“Education doesn’t make you happy. Nor does freedom. We don’t become happy just because we’re free – if we are. Or because we’ve been educated – if we have. But because education may be the means by which we realize we are happy. It opens our eyes, our ears, tells us where delights are lurking, convinces us that there is only one freedom of any importance whatsoever, that of the mind, and gives us the assurance – the confidence – to walk the path our mind, our educated mind, offers.”
― Iris Murdoch
In my case, delights just so happen to be lurking in Fort Lauderdale, somewhere between the palm-treed sunrise and the Harbor Beach hotel where the Academy of Psychosomatic Medicine has me enraptured, my curiosity sated by the second. Methinks, as my mentor puts it, “Rachel, these are your people.”
Whole Wheat Challah
Adapted from Penzeys Spices Magazine
1 ½ cup sourdough starter
1 ½ cup warm water, divided
2 TB. sugar
1/2 Cup olive oil
1/2 Cup honey
3 large eggs
3-4 Cups whole wheat flour
1 tsp. salt
2-3 Cups whole wheat pastry flour
1-2 tsp. oil for the bowl the dough will rise in
1 tsp. water
1-2 tsp. poppy or sesame seeds, optional
In a small bowl, combine the starter, one cup warm water and sugar. Stir and let sit for a few minutes until bubbly.
In a large bowl, combine 1/2 cup of warm water, olive oil, honey and eggs. Stir until blended. Add the yeast mixture and stir. Begin adding 1 cup of whole wheat flour at a time. Stir in thoroughly after each cup. After 2 cups have been mixed in, add the salt. Add in another 1-2 cups of whole wheat flour and then switch to either whole wheat pastry flour or unbleached white flour. Stir until the dough is so stiff you can’t stir any more. Then, dump 1 cup of pastry or white flour onto the counter and put the dough on top. Knead for about 10 minutes, turning the dough over and shaking more flour on the table as the dough absorbs the flour and gets sticky. Place in an oiled bowl and let sit for 1 1/2-2 hours.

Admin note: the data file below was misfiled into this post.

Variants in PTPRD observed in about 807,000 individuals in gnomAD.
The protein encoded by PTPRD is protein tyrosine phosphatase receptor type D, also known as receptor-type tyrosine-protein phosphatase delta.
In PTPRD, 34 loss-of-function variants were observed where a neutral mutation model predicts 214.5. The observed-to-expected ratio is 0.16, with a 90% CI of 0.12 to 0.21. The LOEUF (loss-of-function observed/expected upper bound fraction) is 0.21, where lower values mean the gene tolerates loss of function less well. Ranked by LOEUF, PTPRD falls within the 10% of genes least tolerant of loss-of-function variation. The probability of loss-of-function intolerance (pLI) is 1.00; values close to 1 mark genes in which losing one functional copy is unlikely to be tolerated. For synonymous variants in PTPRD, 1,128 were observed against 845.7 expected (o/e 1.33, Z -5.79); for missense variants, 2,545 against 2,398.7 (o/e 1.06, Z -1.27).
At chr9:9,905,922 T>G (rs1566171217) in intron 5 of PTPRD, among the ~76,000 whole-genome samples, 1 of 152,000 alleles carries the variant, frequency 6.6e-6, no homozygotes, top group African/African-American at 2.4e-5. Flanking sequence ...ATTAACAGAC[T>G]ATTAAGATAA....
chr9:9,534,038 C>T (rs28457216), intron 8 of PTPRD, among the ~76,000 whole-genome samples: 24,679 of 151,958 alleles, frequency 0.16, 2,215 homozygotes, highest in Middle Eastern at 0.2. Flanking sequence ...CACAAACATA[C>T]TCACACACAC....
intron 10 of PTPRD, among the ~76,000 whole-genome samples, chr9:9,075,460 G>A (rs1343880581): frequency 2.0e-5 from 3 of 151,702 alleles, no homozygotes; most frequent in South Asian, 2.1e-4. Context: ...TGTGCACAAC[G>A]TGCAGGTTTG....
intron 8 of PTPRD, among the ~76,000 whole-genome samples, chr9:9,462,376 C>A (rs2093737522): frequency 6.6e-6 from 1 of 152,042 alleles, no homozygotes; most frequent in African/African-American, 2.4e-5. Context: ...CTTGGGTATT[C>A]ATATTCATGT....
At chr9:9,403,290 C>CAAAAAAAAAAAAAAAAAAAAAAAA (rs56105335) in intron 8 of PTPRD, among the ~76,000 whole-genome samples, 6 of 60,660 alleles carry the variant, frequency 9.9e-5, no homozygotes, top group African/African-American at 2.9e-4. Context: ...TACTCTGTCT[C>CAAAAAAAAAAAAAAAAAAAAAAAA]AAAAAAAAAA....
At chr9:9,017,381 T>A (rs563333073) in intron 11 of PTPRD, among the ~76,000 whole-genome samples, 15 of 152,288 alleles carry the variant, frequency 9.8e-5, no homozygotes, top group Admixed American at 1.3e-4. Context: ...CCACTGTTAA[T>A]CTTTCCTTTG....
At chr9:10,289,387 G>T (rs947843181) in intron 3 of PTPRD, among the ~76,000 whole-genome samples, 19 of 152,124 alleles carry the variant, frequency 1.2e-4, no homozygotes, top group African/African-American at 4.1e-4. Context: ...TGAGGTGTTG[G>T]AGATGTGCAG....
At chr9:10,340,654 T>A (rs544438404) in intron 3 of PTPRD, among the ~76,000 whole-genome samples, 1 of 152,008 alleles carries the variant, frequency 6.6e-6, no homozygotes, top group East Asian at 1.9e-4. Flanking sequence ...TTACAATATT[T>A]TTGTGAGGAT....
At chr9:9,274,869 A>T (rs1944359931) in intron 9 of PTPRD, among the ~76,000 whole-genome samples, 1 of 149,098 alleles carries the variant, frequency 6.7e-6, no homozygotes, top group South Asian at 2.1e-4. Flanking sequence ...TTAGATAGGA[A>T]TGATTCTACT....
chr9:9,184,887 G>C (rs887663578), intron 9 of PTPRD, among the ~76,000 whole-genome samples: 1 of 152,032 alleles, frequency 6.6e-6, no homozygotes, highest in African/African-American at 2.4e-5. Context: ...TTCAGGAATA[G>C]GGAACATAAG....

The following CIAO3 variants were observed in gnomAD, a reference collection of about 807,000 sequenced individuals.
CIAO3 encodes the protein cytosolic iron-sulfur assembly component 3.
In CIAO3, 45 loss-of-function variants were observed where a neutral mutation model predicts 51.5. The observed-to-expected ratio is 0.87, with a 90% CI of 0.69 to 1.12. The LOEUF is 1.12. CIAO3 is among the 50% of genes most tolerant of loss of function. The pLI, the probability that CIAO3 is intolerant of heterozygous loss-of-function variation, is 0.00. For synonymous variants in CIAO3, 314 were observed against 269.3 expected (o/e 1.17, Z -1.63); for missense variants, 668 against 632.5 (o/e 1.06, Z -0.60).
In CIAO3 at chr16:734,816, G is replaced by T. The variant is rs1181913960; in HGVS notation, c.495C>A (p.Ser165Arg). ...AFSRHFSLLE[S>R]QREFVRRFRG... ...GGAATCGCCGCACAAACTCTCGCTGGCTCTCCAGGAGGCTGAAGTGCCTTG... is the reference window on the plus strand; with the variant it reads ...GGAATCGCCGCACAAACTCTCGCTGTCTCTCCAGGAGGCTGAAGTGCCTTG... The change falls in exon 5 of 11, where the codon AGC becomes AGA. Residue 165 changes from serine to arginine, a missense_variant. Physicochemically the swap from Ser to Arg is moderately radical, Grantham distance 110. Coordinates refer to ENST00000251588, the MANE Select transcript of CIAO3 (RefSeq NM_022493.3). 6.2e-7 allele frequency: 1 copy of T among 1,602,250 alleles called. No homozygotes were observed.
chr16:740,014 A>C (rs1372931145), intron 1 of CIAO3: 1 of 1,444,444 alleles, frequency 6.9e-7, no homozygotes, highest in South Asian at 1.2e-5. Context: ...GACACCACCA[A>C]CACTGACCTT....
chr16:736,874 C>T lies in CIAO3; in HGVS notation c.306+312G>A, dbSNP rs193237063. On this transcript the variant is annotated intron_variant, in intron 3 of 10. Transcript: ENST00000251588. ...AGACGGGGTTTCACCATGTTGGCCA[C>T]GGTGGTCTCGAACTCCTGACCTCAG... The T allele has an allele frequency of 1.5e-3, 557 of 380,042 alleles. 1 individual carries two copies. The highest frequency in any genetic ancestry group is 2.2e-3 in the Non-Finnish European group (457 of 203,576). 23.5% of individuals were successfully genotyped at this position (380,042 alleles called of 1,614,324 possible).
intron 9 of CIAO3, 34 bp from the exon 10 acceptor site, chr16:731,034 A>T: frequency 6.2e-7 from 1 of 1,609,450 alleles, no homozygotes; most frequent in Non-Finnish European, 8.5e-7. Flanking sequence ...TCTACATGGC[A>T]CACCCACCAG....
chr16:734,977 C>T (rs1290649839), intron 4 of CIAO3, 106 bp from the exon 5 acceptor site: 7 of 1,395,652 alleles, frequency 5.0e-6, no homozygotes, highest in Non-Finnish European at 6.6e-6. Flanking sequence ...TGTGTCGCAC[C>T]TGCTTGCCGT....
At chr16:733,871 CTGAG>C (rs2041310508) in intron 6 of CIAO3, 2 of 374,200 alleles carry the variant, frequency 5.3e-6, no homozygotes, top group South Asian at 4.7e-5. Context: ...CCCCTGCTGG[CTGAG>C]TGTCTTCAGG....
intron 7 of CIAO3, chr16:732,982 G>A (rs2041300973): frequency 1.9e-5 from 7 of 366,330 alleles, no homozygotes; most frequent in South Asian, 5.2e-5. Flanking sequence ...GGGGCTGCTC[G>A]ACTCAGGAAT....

When doubled in bulk, punch down the dough and then divide and roll into strands for braiding. Make strands about 18″ long. This recipe makes 2 large challah or 3 medium ones, so divide the dough into 6 or 9 strands. Challah traditionally is a doubled braided loaf so you want the strands twice as long as your bread loaf will be. Cover the baking sheets with parchment paper or foil and then lay 3 strands on each pan with the edges hanging off. Start braiding from the middle down to the end.
Cover again to rise at least 1 hour. Beat the whole egg with the water. Brush the loaves with the egg wash, sprinkle with poppy seeds or sesame seeds, if desired, about 1 tsp. per loaf. For 3 loaves bake at 375° for about 20 minutes, for 2 larger loaves we dropped the temperature to 350° and baked a few minutes longer.
May I also say, for the record, that it is nice to be catcalled. Walking the two miles between the dive motel I chose to stay in and the luxury resort where the conference is held, I have subjected myself to the lurid stares of idle beach bum college(?) guys who balk at my choice of black corduroy pants and mint suit coat jacket. “Girl, you are too fine to not have a swimsuit on! I like yo’ leggings, tho! You still pretty.” And I blush, because Minnesota bashfulness is contagious, and I say, “Thank you” with a red-face grin. Been too long since the streets called me pretty. And that’s a shame.
And, as it turns out, in my own special way, I am a challah back girl.